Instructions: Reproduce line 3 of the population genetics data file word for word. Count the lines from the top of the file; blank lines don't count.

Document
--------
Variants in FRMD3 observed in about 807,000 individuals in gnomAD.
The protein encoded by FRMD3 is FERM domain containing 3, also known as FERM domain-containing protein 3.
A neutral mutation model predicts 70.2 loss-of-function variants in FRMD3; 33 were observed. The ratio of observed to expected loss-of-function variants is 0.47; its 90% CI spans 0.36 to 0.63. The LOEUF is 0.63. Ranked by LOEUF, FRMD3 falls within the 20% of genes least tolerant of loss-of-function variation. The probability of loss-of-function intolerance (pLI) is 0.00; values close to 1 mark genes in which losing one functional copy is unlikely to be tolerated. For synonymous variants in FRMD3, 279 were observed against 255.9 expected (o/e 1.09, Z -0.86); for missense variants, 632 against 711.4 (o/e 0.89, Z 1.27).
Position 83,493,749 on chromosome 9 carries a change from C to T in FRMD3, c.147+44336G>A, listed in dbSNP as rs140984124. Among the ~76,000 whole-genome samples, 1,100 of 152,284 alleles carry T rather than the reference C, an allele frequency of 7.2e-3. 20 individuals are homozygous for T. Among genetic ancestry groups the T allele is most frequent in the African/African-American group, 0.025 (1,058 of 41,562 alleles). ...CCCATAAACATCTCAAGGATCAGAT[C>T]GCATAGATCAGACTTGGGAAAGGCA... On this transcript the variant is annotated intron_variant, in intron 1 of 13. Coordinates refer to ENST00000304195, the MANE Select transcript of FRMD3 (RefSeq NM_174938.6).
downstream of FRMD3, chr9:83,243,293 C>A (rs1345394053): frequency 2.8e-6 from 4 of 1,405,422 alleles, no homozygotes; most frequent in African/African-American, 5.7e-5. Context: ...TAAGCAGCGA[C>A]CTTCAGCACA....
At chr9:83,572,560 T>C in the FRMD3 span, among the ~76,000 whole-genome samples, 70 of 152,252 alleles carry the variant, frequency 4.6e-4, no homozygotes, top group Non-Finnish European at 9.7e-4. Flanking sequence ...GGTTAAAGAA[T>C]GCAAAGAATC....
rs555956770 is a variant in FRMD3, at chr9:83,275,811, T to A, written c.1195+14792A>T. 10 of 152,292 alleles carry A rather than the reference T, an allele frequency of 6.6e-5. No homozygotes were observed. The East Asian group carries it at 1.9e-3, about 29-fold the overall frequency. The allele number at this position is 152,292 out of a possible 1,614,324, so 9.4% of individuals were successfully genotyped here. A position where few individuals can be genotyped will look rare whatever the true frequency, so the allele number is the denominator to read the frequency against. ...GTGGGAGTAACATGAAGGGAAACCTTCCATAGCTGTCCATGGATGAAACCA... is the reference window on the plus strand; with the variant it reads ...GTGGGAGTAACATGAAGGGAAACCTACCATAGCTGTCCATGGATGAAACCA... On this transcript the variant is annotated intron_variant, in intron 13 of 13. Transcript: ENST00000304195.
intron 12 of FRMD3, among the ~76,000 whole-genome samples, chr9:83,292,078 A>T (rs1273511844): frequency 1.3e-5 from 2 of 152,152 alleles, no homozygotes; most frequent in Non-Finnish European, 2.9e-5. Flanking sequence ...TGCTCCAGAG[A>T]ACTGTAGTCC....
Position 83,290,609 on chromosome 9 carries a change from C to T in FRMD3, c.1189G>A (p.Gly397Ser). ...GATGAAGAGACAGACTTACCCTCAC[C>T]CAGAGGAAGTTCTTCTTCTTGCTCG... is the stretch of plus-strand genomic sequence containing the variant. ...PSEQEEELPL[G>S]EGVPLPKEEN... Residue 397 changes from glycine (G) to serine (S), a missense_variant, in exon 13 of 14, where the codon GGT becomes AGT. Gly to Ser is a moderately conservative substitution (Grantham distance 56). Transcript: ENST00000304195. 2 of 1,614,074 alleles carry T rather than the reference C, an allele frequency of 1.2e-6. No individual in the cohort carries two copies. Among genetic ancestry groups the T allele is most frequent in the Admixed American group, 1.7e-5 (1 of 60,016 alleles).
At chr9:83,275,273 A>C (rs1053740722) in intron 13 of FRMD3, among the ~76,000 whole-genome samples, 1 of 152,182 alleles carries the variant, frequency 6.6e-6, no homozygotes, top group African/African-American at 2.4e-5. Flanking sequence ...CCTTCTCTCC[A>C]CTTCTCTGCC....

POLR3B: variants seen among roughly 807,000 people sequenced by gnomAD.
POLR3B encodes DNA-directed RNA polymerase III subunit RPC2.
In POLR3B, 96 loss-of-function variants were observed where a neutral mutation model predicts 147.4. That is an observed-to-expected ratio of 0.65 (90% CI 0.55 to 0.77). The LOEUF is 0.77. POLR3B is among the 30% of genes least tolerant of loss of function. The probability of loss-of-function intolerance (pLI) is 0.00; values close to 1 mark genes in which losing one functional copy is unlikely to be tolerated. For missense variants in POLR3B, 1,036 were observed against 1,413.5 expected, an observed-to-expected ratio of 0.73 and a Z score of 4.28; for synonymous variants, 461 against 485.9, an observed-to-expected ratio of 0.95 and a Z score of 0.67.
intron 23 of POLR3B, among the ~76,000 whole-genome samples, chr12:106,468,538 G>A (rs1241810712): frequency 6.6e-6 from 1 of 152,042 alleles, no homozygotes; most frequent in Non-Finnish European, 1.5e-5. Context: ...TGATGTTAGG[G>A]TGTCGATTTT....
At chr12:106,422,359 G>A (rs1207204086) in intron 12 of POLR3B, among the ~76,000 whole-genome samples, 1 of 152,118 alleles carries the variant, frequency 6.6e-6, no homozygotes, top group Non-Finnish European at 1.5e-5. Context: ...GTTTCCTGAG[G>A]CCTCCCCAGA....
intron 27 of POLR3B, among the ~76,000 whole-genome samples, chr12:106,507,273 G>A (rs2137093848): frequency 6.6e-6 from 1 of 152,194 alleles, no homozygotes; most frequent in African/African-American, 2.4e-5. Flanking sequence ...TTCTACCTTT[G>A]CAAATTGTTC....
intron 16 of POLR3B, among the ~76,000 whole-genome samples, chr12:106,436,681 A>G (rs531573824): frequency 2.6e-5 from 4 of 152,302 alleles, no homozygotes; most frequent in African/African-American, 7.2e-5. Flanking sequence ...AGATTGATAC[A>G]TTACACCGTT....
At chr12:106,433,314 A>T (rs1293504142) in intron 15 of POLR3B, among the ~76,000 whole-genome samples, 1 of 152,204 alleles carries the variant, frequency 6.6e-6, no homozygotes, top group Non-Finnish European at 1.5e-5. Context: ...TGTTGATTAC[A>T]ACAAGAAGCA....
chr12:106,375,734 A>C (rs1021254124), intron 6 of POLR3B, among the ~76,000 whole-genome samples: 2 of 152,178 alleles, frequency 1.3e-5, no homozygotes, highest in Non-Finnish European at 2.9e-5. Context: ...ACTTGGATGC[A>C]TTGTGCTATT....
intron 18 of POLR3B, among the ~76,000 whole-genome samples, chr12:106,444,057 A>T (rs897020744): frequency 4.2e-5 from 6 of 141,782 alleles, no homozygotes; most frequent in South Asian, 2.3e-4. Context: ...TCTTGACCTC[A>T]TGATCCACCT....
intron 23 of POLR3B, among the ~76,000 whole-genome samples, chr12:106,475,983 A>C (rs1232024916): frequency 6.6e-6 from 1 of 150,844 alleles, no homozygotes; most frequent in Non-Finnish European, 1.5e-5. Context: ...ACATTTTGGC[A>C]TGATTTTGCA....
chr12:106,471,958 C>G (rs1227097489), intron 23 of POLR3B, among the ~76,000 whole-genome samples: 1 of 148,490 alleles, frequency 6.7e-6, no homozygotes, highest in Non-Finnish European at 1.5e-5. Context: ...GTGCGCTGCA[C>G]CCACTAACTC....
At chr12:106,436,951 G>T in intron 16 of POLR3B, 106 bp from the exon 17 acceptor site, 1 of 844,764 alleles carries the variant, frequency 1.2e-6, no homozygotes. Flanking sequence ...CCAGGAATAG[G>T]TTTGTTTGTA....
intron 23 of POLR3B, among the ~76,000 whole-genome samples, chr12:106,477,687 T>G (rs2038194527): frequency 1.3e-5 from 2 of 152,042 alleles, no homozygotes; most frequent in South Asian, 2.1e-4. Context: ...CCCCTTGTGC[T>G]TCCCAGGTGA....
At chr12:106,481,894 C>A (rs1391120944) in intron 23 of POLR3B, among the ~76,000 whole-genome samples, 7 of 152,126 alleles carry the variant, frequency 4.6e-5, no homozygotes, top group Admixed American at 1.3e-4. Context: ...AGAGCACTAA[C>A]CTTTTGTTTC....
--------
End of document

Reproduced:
A neutral mutation model predicts 70.2 loss-of-function variants in FRMD3; 33 were observed. The ratio of observed to expected loss-of-function variants is 0.47; its 90% CI spans 0.36 to 0.63. The LOEUF is 0.63. Ranked by LOEUF, FRMD3 falls within the 20% of genes least tolerant of loss-of-function variation. The probability of loss-of-function intolerance (pLI) is 0.00; values close to 1 mark genes in which losing one functional copy is unlikely to be tolerated. For synonymous variants in FRMD3, 279 were observed against 255.9 expected (o/e 1.09, Z -0.86); for missense variants, 632 against 711.4 (o/e 0.89, Z 1.27).